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St. James Episcopal Church

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1856–1859, Richard M. Upjohn. 215 S. Main St.

Although Quakers were Muncy's first settlers, Episcopalians had become the town's elite by the middle of the nineteenth century. Formed in 1819, the congregation worshipped in Emanuel Lutheran Church and a schoolhouse until 1832 when the first St. James Church was erected on this site. In the early 1850s a larger brick building was proposed, but parishioner Susan Hall approached the Reverend John Henry Hopkins Jr., a childhood friend and the publisher of the New York–based Church Journal, who persuaded his friend Richard M. Upjohn to give St. James a set of plans. Built of Muncy sandstone in random sizes, the church is a good example of Upjohn's understated design: a steeply gabled rectangular box with a square corner tower that rises in three stages and is topped by a gabled hexagonal spire. St. James is only three buttressed bays deep, but Upjohn gave it a monumental presence, gracing its front with a small bell-gable and a large rose window. At the east is a semi-octagonal apse. The single-nave plan is covered by a truss ceiling, the trusses corresponding to the exterior buttresses. The Minton-like floor tiles date from 1989 when the floor was torn up to excavate a cellar.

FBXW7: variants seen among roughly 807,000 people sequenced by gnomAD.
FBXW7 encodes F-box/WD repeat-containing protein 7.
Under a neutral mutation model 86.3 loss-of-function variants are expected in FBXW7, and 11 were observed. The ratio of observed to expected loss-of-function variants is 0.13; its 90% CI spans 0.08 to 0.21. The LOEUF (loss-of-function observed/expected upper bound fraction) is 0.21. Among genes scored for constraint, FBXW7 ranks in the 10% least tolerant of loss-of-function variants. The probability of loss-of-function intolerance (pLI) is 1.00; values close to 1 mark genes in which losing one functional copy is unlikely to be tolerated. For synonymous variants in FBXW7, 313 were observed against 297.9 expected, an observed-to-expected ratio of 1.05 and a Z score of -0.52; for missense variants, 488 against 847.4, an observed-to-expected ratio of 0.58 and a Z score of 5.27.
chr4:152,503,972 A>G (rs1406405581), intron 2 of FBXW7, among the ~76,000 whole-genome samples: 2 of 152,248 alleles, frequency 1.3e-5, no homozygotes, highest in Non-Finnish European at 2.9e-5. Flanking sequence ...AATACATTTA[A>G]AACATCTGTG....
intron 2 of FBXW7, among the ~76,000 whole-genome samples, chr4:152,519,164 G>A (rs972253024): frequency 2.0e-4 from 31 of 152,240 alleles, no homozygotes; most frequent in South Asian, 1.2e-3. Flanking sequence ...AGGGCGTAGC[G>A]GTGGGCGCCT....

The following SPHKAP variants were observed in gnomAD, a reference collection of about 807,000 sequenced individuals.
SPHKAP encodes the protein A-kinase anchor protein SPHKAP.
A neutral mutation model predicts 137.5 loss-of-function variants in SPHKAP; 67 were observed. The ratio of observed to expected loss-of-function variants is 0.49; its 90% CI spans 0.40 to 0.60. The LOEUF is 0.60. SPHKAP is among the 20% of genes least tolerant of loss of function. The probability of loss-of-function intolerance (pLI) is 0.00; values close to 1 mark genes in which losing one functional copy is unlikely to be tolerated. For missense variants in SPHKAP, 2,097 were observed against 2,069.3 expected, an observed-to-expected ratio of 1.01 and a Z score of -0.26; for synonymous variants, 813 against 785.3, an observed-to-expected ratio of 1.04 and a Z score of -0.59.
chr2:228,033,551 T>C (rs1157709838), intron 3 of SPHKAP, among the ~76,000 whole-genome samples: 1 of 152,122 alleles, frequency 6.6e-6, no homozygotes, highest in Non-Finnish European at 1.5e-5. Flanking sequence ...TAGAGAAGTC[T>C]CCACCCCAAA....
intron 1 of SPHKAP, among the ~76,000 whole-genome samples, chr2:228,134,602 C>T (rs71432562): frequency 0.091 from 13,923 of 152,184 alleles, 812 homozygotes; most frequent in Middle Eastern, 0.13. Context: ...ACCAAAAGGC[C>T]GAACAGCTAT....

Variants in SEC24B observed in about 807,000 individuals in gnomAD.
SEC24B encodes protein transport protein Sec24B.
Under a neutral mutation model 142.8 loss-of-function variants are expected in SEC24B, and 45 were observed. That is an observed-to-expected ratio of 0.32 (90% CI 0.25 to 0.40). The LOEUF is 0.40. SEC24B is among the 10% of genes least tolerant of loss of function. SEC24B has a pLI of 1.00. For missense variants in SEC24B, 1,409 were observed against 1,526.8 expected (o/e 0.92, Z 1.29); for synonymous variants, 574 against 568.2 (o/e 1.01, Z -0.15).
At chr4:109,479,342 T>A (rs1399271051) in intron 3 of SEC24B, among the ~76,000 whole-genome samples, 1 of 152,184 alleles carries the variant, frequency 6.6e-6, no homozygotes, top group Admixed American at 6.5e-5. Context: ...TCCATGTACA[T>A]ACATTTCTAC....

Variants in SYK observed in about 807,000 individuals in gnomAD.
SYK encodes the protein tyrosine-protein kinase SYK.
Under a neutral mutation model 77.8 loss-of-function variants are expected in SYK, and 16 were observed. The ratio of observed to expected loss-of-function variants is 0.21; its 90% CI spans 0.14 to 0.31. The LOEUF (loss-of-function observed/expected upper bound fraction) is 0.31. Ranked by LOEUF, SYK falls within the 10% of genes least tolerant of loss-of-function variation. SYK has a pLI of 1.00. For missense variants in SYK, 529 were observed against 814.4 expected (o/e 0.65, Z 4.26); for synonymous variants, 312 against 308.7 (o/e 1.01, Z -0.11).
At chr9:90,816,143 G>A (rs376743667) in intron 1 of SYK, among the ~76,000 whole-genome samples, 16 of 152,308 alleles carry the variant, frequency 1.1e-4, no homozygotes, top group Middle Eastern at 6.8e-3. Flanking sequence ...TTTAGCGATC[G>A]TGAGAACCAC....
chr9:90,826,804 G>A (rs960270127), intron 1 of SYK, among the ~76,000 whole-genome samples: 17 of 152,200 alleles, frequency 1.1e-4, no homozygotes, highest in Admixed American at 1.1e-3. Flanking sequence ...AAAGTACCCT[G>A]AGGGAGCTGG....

The adjacent one-story parish house was built in 1856 from bricks salvaged from the original church. Resembling a Gothic Revival chapel, it is a hall with one large room and a twentieth-century kitchen addition to the rear. Behind the church at 210 S. Washington Street is its three-story brick rectory (1856), a well-proportioned and simply detailed Greek Revival building. Its Tuscan-columned front porch was added in the early twentieth century.

Writing Credits

Author: 
George E. Thomas
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Citation

George E. Thomas, "St. James Episcopal Church", [Muncy, Pennsylvania], SAH Archipedia, eds. Gabrielle Esperdy and Karen Kingsley, Charlottesville: UVaP, 2012—, http://sah-archipedia.org/buildings/PA-02-LY1.

Print Source

Cover: Buildings of PA vol 2

Buildings of Pennsylvania: Philadelphia and Eastern Pennsylvania, George E. Thomas, with Patricia Likos Ricci, Richard J. Webster, Lawrence M. Newman, Robert Janosov, and Bruce Thomas. Charlottesville: University of Virginia Press, 2012, 566-567.

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